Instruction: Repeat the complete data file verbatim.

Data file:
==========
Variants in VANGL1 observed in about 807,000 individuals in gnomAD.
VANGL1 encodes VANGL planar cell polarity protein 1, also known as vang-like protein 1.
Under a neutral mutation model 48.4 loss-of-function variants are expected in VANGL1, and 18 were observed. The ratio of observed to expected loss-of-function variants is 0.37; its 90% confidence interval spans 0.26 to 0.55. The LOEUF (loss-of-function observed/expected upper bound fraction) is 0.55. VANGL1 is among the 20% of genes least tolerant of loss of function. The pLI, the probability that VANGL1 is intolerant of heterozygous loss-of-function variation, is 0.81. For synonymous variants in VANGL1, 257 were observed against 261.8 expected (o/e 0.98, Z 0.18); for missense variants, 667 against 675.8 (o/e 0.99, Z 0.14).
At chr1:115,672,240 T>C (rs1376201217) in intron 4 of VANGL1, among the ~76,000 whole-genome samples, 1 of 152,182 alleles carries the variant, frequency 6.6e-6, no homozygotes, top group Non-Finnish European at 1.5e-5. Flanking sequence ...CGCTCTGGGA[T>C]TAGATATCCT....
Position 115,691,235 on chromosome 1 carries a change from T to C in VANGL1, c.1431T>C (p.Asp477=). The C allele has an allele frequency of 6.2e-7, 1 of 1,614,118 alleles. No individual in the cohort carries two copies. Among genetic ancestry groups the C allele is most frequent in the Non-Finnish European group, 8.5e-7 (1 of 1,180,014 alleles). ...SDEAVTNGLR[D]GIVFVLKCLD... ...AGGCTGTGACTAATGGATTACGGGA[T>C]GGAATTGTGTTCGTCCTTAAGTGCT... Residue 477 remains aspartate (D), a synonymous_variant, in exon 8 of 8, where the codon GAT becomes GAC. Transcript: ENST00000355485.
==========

Variants in VANGL1 observed in about 807,000 individuals in gnomAD.
VANGL1 encodes VANGL planar cell polarity protein 1, also known as vang-like protein 1.
Under a neutral mutation model 48.4 loss-of-function variants are expected in VANGL1, and 18 were observed. The ratio of observed to expected loss-of-function variants is 0.37; its 90% confidence interval spans 0.26 to 0.55. The LOEUF (loss-of-function observed/expected upper bound fraction) is 0.55. VANGL1 is among the 20% of genes least tolerant of loss of function. The pLI, the probability that VANGL1 is intolerant of heterozygous loss-of-function variation, is 0.81. For synonymous variants in VANGL1, 257 were observed against 261.8 expected (o/e 0.98, Z 0.18); for missense variants, 667 against 675.8 (o/e 0.99, Z 0.14).
At chr1:115,672,240 T>C (rs1376201217) in intron 4 of VANGL1, among the ~76,000 whole-genome samples, 1 of 152,182 alleles carries the variant, frequency 6.6e-6, no homozygotes, top group Non-Finnish European at 1.5e-5. Flanking sequence ...CGCTCTGGGA[T>C]TAGATATCCT....
Position 115,691,235 on chromosome 1 carries a change from T to C in VANGL1, c.1431T>C (p.Asp477=). The C allele has an allele frequency of 6.2e-7, 1 of 1,614,118 alleles. No individual in the cohort carries two copies. Among genetic ancestry groups the C allele is most frequent in the Non-Finnish European group, 8.5e-7 (1 of 1,180,014 alleles). ...SDEAVTNGLR[D]GIVFVLKCLD... ...AGGCTGTGACTAATGGATTACGGGA[T>C]GGAATTGTGTTCGTCCTTAAGTGCT... Residue 477 remains aspartate (D), a synonymous_variant, in exon 8 of 8, where the codon GAT becomes GAC. Transcript: ENST00000355485.